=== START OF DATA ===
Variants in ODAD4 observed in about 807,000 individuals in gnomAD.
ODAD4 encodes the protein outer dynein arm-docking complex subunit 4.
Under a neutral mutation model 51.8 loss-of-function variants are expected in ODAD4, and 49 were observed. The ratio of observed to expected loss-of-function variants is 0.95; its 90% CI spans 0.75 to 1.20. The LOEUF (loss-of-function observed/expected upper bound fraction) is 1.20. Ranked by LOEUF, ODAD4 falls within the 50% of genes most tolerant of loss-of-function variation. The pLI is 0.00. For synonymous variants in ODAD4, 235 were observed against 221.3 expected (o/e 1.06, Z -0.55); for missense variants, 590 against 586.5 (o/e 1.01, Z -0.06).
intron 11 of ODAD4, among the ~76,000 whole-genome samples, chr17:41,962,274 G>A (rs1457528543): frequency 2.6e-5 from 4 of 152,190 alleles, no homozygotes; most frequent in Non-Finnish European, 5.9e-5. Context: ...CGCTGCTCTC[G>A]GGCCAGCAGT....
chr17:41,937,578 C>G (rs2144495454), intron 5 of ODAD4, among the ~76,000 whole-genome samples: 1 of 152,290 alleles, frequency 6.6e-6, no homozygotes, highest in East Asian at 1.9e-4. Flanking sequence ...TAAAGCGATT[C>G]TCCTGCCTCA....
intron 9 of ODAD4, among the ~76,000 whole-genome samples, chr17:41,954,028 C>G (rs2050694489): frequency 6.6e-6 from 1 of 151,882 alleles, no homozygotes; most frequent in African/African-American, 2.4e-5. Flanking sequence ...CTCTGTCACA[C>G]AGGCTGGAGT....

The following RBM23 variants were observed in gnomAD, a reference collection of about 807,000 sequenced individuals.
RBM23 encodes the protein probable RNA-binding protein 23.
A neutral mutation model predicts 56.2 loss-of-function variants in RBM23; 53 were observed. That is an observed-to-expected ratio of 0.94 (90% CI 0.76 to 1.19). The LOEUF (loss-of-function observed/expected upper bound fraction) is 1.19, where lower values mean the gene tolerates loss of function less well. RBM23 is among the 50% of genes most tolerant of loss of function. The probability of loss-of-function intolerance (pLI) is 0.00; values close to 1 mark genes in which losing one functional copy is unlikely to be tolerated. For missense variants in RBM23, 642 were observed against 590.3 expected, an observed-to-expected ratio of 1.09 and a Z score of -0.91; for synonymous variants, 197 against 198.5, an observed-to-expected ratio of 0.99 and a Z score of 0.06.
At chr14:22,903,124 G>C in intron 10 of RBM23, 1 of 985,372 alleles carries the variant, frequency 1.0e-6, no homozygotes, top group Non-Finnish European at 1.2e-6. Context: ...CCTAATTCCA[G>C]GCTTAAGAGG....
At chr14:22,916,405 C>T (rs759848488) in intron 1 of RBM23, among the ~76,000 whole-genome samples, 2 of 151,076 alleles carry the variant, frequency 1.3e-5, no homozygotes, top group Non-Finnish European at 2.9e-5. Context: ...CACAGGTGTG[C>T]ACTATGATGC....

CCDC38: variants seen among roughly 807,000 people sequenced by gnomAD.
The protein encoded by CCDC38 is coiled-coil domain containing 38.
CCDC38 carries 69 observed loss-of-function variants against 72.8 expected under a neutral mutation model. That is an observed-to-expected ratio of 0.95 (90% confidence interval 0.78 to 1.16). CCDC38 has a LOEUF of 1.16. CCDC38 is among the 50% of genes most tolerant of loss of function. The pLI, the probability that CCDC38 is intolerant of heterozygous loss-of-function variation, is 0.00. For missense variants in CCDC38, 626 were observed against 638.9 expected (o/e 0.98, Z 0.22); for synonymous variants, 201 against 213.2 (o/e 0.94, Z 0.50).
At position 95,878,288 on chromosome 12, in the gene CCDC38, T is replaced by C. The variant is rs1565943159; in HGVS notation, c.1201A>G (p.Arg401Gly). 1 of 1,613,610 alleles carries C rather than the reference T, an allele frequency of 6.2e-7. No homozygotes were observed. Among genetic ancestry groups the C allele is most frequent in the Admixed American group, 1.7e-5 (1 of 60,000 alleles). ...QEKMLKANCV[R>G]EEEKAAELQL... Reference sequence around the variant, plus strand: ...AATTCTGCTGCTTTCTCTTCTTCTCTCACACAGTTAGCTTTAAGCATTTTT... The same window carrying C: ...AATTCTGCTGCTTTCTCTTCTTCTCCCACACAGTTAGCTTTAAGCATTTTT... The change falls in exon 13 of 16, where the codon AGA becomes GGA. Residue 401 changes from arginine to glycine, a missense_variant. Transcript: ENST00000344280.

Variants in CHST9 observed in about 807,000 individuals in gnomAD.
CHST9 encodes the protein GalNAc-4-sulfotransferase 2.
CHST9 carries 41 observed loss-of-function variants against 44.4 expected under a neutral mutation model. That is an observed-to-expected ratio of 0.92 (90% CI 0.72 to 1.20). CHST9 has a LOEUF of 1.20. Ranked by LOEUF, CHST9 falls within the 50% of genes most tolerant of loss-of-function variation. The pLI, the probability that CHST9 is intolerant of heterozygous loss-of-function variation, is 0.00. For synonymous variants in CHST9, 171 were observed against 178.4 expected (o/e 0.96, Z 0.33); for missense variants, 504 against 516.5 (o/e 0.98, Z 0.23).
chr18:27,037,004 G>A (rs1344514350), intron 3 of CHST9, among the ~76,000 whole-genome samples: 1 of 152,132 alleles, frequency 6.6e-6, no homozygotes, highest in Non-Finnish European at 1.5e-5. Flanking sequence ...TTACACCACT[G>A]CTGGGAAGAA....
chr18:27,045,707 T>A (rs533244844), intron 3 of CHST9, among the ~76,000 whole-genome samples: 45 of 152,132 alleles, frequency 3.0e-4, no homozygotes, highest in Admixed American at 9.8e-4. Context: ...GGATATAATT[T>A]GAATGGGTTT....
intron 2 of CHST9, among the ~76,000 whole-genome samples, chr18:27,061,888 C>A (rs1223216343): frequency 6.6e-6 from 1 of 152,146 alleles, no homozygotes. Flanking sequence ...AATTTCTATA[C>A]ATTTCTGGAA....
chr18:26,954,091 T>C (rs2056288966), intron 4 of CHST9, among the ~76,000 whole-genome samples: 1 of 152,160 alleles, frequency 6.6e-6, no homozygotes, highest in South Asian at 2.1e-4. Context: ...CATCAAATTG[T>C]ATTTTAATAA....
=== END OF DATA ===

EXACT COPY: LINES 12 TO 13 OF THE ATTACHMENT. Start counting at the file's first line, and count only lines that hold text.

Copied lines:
CCDC38: variants seen among roughly 807,000 people sequenced by gnomAD.
The protein encoded by CCDC38 is coiled-coil domain containing 38.